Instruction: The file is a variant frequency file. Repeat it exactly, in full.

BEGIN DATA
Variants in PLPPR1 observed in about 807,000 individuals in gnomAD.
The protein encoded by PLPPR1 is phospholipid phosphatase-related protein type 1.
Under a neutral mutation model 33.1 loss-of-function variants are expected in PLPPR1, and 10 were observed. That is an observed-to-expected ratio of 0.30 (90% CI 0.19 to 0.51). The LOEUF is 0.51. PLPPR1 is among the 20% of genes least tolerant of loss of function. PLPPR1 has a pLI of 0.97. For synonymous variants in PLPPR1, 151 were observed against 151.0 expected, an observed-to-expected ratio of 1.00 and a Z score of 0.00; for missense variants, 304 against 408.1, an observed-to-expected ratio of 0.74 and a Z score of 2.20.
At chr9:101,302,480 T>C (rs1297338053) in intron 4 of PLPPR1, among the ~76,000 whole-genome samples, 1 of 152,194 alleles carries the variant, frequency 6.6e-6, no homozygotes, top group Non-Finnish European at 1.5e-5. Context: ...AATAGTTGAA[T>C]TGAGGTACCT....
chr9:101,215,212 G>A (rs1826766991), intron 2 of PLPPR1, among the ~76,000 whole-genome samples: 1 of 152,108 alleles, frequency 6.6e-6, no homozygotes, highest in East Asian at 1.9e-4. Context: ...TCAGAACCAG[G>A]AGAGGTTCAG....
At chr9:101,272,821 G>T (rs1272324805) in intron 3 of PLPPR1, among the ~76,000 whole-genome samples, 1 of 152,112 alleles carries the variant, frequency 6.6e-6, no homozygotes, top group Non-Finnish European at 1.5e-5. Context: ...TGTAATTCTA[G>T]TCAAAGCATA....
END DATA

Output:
Variants in PLPPR1 observed in about 807,000 individuals in gnomAD.
The protein encoded by PLPPR1 is phospholipid phosphatase-related protein type 1.
Under a neutral mutation model 33.1 loss-of-function variants are expected in PLPPR1, and 10 were observed. That is an observed-to-expected ratio of 0.30 (90% CI 0.19 to 0.51). The LOEUF is 0.51. PLPPR1 is among the 20% of genes least tolerant of loss of function. PLPPR1 has a pLI of 0.97. For synonymous variants in PLPPR1, 151 were observed against 151.0 expected, an observed-to-expected ratio of 1.00 and a Z score of 0.00; for missense variants, 304 against 408.1, an observed-to-expected ratio of 0.74 and a Z score of 2.20.
At chr9:101,302,480 T>C (rs1297338053) in intron 4 of PLPPR1, among the ~76,000 whole-genome samples, 1 of 152,194 alleles carries the variant, frequency 6.6e-6, no homozygotes, top group Non-Finnish European at 1.5e-5. Context: ...AATAGTTGAA[T>C]TGAGGTACCT....
chr9:101,215,212 G>A (rs1826766991), intron 2 of PLPPR1, among the ~76,000 whole-genome samples: 1 of 152,108 alleles, frequency 6.6e-6, no homozygotes, highest in East Asian at 1.9e-4. Context: ...TCAGAACCAG[G>A]AGAGGTTCAG....
At chr9:101,272,821 G>T (rs1272324805) in intron 3 of PLPPR1, among the ~76,000 whole-genome samples, 1 of 152,112 alleles carries the variant, frequency 6.6e-6, no homozygotes, top group Non-Finnish European at 1.5e-5. Context: ...TGTAATTCTA[G>T]TCAAAGCATA....